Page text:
What has my child looked at online or checked out?

This raises issues of intellectual freedom of young people, childrens’ rights to privacy, responsibility, and freedom to use library materials.

Could – or indeed should – a parent have access to data about what their child has been looking at online?

When faced with the parent-child relationship, to whom is the library responsible? The child possessing a library card is the cardholder of record. However, in many libraries the parent has traditionally been asked to sign as the financially responsible party to try to control losses and recover the cost of lost books.

(Hildebrand 1991 p3) says “Honoring privacy is a concrete expression of respect for another person. We need to start out with a belief that it is desirable for adults in our society to allow children to experience privacy and respect”.

(Symons, Harmon 1995 p13) While a surface acceptance of user’s rights to privacy may be easy, implementation of this right throughout library operations and in the face of pressure is, in fact, difficult. Library employees end up on the grounds of privacy and confidentiality explaining to parents that although they may be billed for their children’s lost books, they are not entitled to a list of everything their children have checked out.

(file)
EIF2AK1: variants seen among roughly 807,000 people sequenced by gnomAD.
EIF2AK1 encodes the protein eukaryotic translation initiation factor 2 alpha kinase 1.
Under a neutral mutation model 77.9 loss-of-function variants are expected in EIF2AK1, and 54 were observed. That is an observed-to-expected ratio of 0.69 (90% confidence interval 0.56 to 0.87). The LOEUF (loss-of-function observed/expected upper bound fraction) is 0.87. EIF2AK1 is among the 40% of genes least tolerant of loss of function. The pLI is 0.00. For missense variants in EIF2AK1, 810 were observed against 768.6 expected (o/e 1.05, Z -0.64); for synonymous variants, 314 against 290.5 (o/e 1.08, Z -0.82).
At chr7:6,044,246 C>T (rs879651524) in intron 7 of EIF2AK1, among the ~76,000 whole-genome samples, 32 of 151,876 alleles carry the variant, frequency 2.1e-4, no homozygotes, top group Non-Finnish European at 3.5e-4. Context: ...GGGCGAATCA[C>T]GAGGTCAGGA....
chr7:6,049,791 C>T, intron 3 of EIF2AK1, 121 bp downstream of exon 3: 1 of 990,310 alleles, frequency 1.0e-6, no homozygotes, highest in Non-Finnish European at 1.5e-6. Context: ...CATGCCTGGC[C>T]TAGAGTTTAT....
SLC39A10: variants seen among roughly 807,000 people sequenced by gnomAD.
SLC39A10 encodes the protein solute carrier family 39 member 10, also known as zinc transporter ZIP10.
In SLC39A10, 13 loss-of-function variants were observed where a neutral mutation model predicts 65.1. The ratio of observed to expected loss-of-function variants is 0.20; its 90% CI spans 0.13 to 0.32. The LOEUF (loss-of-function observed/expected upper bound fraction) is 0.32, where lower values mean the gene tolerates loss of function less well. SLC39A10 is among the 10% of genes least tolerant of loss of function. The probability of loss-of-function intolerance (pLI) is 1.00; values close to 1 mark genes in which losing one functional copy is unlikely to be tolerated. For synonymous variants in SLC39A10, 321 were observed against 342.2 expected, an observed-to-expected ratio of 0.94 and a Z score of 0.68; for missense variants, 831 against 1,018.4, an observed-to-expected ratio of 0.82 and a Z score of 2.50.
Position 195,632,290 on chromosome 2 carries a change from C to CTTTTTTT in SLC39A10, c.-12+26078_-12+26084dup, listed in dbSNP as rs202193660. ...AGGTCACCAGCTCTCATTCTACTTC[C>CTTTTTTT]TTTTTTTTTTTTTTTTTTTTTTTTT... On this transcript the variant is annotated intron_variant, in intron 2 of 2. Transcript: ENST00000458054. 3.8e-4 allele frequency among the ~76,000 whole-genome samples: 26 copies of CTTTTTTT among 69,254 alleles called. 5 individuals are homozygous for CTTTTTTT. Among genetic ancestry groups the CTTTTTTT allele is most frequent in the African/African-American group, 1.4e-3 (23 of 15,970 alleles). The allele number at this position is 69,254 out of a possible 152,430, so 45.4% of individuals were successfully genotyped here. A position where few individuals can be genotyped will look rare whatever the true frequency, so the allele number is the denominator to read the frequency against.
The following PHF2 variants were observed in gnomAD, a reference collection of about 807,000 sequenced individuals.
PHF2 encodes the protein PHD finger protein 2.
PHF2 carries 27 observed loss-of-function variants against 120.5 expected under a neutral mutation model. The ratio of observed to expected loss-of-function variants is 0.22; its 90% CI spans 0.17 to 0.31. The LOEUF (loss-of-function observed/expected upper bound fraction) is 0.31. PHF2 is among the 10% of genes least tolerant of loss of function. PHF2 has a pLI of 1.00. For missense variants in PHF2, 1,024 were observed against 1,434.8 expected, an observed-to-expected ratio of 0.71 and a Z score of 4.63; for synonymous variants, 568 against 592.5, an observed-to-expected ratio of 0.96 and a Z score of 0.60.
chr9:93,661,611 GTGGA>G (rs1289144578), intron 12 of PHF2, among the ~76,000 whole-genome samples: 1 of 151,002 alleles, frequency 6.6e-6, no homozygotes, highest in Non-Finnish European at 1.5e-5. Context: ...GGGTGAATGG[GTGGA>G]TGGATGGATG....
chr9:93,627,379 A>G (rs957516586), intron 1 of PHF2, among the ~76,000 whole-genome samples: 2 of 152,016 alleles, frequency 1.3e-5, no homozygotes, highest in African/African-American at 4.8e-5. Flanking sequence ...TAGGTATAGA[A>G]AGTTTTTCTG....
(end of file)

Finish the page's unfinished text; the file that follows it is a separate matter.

Issues around filtering and monitoring of content

(Wyatt 2006) Librarians are often reluctant to monitor patrons’ Internet access. Monitoring seems to be in direct conflict with the librarian’s ethical duty to honor a patron’s privacy (Skaggs 2002 p851).

At least one parent has sued a public library for allowing her child to access pornography on the Internet. In the American case Kathleen R. v. City of Livermore 104 Cal.Rptr.2d 772 (2001), a minor boy accessed pornography through the Internet and distributed it to his friends. His mother sued the library claiming that “the government had a constitutional duty to protect her minor son from the offensive material found on the Internet” (Kendall 2003 p221).

Although the public library has not been found legally liable for failure to monitor children’s unfiltered access, the question remains whether the librarian should play the role of a monitor? If parents do not see the public library as a safe place for their children, they will not allow them to go there.